1/1/2013: Retrodict

The shimmering sign above the tent flap read, “The Great Zangeeni!! Retrodictions, ancestry, and mystery histories revealed!” Mark had been putting off this move for as long as he felt he could. In the back of his mind it would spring up every year or so, “You gotta find out your birthday.” Ever since he had been removed from his grave to a small gathering of friends and a tombstone that bore nothing more than a name and the date of his death, people had urged him to find out for sure just when he had been born. It hadn’t seemed like much of an issue to him until recently. Everyone else he associated with knew when they were born and celebrated the anniversary every year with gifts and cake, but Mark was unconcerned about parties and had never learned of any family in attendance at his funeral. He enjoyed a quiet old age and figured he would eventually find his birthday on a scrap of paper among his belongings, or when his retirement came to pass and he went to work. Those days came and went, however, and the used car lot he to which he was employed did not have in his file a date of birth, the circumstances of his hiring had apparently been somewhat murky. Now he was getting younger, and couldn’t be certain exactly how long he had left. He felt like he were probably approaching his mid thirties, though who could tell these things exactly. You’re only as young as you feel they would say, but he had always felt rather spry, the heart attack he suffered just after he had died came on as quickly and unexpected as gunfire from the shadows.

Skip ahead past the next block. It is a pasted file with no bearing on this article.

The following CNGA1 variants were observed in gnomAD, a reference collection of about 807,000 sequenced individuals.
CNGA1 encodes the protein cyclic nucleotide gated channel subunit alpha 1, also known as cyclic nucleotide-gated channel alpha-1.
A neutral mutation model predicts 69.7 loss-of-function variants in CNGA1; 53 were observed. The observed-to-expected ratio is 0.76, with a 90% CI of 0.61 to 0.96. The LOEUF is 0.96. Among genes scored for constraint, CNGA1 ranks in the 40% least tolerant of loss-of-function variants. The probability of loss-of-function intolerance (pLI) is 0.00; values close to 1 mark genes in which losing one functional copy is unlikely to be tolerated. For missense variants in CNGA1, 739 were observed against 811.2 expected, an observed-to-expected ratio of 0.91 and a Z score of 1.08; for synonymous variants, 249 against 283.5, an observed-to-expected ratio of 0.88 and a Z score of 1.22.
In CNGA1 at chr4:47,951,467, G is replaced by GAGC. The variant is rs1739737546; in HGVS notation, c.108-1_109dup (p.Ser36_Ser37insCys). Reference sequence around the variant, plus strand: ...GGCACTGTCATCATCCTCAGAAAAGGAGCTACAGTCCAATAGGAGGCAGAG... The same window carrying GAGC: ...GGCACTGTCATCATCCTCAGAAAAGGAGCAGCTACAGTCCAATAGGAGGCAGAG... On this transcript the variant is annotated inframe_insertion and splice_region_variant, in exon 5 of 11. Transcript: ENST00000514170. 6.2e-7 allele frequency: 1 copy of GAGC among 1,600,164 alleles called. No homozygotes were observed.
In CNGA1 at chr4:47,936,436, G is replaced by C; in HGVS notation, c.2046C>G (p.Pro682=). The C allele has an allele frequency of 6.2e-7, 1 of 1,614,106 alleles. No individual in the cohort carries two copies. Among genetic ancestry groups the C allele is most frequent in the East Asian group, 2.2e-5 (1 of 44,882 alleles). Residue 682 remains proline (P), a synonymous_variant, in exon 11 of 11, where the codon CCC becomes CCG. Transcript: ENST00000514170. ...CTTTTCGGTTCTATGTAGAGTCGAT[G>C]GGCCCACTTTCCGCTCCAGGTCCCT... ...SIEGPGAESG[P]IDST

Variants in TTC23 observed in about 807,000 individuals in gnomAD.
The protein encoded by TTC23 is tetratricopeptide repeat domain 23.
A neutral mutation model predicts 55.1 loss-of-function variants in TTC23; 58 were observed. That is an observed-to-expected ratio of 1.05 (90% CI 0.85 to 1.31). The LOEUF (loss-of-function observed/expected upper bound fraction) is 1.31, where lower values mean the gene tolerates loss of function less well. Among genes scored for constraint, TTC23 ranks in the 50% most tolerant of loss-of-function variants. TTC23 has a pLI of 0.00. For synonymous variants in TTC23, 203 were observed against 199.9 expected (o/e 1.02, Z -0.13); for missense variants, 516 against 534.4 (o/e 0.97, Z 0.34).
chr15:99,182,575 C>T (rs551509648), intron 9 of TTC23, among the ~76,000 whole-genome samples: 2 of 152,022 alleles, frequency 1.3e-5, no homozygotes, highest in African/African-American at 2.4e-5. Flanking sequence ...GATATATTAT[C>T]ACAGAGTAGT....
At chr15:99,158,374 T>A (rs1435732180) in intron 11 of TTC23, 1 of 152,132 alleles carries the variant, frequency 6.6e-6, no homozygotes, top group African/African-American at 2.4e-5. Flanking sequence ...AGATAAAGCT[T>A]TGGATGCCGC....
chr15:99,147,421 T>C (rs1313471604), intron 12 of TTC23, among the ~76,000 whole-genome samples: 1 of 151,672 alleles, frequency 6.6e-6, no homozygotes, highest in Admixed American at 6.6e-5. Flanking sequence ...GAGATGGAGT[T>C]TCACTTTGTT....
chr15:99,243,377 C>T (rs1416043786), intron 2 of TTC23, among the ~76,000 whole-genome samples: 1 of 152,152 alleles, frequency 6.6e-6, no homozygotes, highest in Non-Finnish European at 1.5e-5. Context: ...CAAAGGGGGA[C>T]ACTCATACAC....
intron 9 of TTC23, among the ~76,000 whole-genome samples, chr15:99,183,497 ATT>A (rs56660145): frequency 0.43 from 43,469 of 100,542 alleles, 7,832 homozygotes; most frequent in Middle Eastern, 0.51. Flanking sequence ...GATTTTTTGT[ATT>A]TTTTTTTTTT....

He pushed open the flap a bit further to find a wooden door just under the facade and opened it to reveal a small office space, renovated to make it seem slightly more mysterious. A gentleman behind a desk sporting a laughably fake gray beard and starry purple wizard garb raised his hand and motioned to the seats opposite him.

“Welcome, kind traveler, to the office of the great Zangeeni! I will be your guide into the history you seek. I will pry into every tome, registry, tomb and record to find the answers you seek from the past!”